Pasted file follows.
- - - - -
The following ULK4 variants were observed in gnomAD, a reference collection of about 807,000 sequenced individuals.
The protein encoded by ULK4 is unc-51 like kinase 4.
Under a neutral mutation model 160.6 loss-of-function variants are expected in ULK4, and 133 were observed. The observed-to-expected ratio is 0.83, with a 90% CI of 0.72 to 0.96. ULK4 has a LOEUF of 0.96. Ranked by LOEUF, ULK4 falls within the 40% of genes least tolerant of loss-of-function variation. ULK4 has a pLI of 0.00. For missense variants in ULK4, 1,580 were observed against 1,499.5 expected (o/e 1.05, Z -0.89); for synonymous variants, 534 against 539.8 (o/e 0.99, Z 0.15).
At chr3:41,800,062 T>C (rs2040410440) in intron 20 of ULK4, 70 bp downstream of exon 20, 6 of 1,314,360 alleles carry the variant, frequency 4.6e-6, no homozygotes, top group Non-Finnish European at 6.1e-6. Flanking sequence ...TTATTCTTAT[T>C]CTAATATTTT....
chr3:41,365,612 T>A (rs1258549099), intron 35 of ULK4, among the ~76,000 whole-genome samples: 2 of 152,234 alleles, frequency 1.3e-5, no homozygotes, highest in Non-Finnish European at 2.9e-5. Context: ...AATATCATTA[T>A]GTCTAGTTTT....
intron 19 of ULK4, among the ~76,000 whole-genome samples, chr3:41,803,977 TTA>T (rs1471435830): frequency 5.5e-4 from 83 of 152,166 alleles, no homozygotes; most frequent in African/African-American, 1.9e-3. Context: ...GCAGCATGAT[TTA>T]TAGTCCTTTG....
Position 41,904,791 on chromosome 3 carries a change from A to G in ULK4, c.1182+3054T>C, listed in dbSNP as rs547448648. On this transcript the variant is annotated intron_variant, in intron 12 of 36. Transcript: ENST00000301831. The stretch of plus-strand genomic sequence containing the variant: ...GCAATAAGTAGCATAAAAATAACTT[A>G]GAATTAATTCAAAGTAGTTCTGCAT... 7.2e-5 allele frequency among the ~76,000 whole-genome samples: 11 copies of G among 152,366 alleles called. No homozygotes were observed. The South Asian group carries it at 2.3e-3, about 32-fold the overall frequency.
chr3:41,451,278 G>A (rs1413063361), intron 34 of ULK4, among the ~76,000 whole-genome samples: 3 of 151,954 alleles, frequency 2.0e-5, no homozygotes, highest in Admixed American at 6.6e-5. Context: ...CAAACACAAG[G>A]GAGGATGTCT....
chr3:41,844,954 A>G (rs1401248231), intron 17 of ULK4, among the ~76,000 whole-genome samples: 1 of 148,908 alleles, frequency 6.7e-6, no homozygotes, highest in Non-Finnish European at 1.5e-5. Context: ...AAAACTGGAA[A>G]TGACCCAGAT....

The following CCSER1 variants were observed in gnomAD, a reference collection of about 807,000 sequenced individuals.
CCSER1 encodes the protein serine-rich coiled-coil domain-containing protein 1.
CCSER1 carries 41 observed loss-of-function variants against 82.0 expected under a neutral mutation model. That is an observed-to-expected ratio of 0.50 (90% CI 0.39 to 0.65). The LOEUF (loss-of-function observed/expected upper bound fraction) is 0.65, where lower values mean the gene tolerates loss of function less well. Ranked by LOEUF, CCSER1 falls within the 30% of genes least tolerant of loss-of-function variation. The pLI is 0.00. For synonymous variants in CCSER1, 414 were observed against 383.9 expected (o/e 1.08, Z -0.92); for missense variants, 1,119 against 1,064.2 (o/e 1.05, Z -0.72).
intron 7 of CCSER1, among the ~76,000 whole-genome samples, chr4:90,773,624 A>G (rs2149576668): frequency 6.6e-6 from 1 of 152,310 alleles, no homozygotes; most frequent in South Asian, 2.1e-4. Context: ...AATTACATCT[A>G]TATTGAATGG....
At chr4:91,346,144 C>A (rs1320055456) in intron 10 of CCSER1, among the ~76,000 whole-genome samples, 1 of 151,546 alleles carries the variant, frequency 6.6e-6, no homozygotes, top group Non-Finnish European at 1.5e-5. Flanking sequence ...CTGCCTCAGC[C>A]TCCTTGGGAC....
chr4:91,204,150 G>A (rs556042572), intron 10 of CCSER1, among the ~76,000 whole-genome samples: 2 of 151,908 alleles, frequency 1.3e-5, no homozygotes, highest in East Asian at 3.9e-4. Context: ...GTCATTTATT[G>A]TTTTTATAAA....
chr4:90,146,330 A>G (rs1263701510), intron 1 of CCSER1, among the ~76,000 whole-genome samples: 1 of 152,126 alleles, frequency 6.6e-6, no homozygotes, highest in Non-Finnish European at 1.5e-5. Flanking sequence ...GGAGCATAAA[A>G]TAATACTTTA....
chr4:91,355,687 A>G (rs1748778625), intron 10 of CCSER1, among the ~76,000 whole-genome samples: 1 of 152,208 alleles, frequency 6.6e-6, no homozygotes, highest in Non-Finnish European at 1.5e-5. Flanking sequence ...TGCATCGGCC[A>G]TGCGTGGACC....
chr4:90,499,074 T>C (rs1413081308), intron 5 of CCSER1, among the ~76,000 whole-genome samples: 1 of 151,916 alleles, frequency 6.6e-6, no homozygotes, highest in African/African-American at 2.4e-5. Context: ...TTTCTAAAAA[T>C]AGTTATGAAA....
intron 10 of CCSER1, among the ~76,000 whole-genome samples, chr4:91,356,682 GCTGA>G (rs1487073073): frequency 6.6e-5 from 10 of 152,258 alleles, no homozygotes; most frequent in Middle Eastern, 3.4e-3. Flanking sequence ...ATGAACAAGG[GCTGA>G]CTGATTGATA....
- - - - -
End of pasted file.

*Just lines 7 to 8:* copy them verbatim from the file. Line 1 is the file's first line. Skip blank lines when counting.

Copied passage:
Position 41,904,791 on chromosome 3 carries a change from A to G in ULK4, c.1182+3054T>C, listed in dbSNP as rs547448648. On this transcript the variant is annotated intron_variant, in intron 12 of 36. Transcript: ENST00000301831. The stretch of plus-strand genomic sequence containing the variant: ...GCAATAAGTAGCATAAAAATAACTT[A>G]GAATTAATTCAAAGTAGTTCTGCAT... 7.2e-5 allele frequency among the ~76,000 whole-genome samples: 11 copies of G among 152,366 alleles called. No homozygotes were observed. The South Asian group carries it at 2.3e-3, about 32-fold the overall frequency.
chr3:41,451,278 G>A (rs1413063361), intron 34 of ULK4, among the ~76,000 whole-genome samples: 3 of 151,954 alleles, frequency 2.0e-5, no homozygotes, highest in Admixed American at 6.6e-5. Context: ...CAAACACAAG[G>A]GAGGATGTCT....